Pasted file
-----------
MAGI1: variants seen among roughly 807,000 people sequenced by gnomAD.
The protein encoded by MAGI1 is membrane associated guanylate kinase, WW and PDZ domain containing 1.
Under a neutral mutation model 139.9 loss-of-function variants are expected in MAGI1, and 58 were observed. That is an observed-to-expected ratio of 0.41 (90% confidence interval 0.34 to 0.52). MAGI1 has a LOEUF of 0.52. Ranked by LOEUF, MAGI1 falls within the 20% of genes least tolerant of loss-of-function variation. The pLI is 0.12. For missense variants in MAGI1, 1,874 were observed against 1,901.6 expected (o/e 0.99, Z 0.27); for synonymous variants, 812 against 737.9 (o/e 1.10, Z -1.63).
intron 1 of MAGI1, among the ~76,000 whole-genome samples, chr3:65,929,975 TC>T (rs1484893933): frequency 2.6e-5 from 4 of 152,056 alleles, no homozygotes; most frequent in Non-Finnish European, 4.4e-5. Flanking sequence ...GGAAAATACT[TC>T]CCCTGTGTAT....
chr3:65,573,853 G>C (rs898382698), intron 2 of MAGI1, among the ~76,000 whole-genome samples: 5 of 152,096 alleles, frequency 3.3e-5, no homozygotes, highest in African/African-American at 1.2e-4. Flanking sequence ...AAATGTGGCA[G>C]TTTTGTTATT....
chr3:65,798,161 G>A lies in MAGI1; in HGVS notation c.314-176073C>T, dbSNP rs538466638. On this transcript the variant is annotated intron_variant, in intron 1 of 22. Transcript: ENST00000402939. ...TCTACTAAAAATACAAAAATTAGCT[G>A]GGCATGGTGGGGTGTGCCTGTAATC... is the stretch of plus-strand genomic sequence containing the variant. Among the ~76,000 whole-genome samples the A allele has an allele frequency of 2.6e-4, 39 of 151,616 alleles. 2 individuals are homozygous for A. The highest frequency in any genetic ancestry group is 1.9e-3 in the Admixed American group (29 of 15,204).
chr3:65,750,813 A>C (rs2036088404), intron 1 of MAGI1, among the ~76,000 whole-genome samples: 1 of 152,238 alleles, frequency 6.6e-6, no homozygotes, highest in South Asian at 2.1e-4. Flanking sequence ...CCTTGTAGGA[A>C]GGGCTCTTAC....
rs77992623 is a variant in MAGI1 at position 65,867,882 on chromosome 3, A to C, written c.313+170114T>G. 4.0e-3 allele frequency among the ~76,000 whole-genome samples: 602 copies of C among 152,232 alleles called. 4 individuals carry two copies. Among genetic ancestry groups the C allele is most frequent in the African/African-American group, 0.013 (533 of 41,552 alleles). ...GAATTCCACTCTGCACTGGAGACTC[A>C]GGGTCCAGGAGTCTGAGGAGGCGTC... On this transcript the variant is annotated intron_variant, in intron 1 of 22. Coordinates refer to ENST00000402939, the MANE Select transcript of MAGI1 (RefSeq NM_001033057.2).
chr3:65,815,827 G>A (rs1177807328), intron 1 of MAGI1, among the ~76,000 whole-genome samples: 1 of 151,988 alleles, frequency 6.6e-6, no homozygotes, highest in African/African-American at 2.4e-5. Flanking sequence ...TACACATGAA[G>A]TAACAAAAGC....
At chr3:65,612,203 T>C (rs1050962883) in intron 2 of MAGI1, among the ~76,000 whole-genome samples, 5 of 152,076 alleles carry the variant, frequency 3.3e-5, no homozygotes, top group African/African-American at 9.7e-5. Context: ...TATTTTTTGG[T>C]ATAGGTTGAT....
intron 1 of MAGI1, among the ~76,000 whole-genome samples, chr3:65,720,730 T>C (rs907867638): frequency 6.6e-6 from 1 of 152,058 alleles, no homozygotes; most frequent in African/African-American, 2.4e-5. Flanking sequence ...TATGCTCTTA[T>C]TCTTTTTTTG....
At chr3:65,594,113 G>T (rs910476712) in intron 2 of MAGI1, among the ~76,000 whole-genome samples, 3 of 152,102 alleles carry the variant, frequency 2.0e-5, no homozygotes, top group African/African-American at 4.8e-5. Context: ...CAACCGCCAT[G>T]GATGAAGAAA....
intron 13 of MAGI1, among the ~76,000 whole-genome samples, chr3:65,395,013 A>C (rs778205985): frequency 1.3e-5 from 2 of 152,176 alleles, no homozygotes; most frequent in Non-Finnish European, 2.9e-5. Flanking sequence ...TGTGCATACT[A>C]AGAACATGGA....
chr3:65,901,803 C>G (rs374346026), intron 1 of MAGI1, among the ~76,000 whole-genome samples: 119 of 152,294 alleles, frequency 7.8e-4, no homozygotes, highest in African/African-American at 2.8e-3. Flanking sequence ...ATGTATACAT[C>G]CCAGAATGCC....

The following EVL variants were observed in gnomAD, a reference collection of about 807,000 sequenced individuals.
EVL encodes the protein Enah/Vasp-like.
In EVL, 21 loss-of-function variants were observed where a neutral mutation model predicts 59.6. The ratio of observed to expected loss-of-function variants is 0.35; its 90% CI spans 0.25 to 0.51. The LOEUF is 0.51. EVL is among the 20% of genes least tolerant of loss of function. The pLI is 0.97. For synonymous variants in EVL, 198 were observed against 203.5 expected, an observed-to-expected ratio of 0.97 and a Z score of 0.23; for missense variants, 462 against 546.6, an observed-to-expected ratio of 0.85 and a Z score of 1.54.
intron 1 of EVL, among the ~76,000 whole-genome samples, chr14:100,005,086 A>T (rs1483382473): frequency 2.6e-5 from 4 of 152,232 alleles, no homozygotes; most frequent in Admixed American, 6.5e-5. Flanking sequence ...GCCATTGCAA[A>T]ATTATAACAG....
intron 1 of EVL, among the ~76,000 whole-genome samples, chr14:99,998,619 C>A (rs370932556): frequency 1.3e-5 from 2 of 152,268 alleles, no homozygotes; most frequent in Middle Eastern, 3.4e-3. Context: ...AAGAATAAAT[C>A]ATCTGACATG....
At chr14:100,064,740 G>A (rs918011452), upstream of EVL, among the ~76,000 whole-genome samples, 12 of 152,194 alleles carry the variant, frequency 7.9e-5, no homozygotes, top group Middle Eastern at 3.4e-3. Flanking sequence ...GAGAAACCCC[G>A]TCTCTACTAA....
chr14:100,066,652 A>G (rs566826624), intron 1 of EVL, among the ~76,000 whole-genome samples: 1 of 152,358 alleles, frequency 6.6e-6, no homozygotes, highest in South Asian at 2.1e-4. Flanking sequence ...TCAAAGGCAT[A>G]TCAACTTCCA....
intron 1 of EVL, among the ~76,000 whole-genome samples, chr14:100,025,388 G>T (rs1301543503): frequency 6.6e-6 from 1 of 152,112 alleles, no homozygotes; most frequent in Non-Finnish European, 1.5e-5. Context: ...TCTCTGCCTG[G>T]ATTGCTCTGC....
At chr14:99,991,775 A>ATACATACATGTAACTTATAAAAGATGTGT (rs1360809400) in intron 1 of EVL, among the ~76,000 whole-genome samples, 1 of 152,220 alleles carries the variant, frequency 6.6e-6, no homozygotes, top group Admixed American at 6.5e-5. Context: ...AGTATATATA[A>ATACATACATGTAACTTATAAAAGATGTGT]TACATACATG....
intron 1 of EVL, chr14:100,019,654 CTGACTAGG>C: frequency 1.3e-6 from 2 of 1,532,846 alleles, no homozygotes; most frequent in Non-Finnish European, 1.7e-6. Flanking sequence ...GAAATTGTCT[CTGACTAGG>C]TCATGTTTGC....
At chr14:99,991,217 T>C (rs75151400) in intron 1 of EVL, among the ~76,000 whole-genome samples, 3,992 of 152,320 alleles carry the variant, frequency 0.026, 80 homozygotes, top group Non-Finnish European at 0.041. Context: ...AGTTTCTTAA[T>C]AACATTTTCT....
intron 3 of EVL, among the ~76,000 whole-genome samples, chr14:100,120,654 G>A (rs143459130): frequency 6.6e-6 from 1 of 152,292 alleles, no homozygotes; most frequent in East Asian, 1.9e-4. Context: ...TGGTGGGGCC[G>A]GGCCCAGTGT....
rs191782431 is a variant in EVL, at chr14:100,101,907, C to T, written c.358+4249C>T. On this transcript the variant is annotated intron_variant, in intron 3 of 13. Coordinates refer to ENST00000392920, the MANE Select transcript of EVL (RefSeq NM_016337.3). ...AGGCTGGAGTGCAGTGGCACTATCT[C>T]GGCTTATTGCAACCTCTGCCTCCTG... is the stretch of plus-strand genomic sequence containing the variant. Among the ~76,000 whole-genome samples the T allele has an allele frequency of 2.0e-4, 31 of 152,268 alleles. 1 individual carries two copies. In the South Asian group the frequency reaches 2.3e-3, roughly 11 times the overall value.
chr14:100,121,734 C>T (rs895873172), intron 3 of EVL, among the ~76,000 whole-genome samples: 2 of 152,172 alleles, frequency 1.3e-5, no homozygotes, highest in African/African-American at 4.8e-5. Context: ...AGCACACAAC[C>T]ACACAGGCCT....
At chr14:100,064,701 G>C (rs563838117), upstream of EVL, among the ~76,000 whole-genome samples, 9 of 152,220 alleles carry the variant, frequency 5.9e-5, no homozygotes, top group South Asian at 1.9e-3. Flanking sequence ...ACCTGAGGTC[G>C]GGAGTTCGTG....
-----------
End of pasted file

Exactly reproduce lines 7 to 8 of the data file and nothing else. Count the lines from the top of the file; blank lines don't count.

chr3:65,750,813 A>C (rs2036088404), intron 1 of MAGI1, among the ~76,000 whole-genome samples: 1 of 152,238 alleles, frequency 6.6e-6, no homozygotes, highest in South Asian at 2.1e-4. Flanking sequence ...CCTTGTAGGA[A>C]GGGCTCTTAC....
rs77992623 is a variant in MAGI1 at position 65,867,882 on chromosome 3, A to C, written c.313+170114T>G. 4.0e-3 allele frequency among the ~76,000 whole-genome samples: 602 copies of C among 152,232 alleles called. 4 individuals carry two copies. Among genetic ancestry groups the C allele is most frequent in the African/African-American group, 0.013 (533 of 41,552 alleles). ...GAATTCCACTCTGCACTGGAGACTC[A>C]GGGTCCAGGAGTCTGAGGAGGCGTC... On this transcript the variant is annotated intron_variant, in intron 1 of 22. Coordinates refer to ENST00000402939, the MANE Select transcript of MAGI1 (RefSeq NM_001033057.2).